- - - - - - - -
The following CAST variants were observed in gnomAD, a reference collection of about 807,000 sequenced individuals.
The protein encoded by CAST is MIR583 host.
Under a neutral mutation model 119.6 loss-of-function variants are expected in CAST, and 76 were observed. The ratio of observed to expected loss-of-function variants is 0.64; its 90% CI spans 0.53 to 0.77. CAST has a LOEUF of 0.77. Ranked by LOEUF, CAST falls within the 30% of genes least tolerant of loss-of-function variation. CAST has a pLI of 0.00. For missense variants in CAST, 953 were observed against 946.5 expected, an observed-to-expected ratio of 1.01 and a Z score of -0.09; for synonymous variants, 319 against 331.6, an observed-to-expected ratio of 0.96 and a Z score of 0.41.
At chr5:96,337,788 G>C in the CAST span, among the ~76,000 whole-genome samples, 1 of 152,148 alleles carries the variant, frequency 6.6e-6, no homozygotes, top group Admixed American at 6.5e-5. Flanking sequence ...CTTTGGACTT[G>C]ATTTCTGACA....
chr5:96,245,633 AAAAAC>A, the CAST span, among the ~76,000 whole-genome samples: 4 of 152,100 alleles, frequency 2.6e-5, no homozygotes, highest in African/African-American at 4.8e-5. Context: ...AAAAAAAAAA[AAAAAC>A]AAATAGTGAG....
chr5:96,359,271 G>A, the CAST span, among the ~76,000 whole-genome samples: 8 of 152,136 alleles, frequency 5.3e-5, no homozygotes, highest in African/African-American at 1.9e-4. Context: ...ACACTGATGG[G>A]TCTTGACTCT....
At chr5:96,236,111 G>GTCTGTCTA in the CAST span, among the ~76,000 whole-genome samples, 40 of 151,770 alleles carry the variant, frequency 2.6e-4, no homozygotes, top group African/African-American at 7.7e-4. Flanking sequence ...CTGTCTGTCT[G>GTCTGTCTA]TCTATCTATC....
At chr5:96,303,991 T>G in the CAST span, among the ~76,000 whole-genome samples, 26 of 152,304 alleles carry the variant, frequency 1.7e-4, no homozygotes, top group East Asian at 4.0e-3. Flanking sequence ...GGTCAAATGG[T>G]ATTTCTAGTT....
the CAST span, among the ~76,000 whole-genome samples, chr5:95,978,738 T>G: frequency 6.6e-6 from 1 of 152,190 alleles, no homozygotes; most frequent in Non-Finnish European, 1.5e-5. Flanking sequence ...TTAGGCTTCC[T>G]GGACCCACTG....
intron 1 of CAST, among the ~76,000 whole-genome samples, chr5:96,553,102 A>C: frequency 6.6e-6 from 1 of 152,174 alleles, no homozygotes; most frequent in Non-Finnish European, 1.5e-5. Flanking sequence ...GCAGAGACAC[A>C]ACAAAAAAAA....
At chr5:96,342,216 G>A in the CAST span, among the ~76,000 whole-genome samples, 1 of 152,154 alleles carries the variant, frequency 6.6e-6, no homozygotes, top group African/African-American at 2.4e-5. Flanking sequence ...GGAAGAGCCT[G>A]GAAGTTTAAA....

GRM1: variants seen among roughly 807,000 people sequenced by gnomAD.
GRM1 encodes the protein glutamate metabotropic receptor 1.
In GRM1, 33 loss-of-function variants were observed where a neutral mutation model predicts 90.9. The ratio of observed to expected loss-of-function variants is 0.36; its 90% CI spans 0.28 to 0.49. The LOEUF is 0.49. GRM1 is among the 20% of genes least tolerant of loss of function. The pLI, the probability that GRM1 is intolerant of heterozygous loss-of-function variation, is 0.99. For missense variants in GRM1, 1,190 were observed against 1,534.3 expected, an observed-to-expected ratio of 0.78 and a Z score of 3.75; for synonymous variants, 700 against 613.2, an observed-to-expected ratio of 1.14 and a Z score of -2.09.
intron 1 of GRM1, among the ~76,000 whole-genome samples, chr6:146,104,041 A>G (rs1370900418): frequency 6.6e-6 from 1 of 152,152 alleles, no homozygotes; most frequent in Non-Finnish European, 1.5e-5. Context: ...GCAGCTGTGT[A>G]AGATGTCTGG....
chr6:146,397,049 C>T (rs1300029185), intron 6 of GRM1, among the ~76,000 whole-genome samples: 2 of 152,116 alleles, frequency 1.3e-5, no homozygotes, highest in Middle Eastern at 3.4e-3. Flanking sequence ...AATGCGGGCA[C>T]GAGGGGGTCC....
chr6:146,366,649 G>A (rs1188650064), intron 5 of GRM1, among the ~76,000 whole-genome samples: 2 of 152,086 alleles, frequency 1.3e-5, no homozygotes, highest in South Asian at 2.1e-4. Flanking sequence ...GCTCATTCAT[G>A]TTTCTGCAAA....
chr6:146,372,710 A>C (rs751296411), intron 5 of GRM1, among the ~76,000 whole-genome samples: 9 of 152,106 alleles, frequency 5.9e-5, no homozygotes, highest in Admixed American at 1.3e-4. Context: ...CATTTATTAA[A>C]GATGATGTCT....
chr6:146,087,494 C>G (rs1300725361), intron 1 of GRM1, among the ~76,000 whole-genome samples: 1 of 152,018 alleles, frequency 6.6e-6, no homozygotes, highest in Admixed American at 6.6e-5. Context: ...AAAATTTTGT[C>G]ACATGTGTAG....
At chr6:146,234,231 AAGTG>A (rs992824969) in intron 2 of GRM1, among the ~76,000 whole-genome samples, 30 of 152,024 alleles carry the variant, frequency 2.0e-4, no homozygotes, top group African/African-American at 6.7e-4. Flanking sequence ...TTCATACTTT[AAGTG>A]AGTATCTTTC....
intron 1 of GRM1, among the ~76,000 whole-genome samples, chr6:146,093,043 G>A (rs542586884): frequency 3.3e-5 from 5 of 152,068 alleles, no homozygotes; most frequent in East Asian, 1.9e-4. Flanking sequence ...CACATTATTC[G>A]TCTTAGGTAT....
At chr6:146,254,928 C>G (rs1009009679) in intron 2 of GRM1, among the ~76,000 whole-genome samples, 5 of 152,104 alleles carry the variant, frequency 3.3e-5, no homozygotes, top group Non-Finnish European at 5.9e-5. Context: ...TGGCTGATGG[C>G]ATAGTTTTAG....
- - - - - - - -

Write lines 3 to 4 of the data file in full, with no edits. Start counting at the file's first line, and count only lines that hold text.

Under a neutral mutation model 119.6 loss-of-function variants are expected in CAST, and 76 were observed. The ratio of observed to expected loss-of-function variants is 0.64; its 90% CI spans 0.53 to 0.77. CAST has a LOEUF of 0.77. Ranked by LOEUF, CAST falls within the 30% of genes least tolerant of loss-of-function variation. CAST has a pLI of 0.00. For missense variants in CAST, 953 were observed against 946.5 expected, an observed-to-expected ratio of 1.01 and a Z score of -0.09; for synonymous variants, 319 against 331.6, an observed-to-expected ratio of 0.96 and a Z score of 0.41.
At chr5:96,337,788 G>C in the CAST span, among the ~76,000 whole-genome samples, 1 of 152,148 alleles carries the variant, frequency 6.6e-6, no homozygotes, top group Admixed American at 6.5e-5. Flanking sequence ...CTTTGGACTT[G>C]ATTTCTGACA....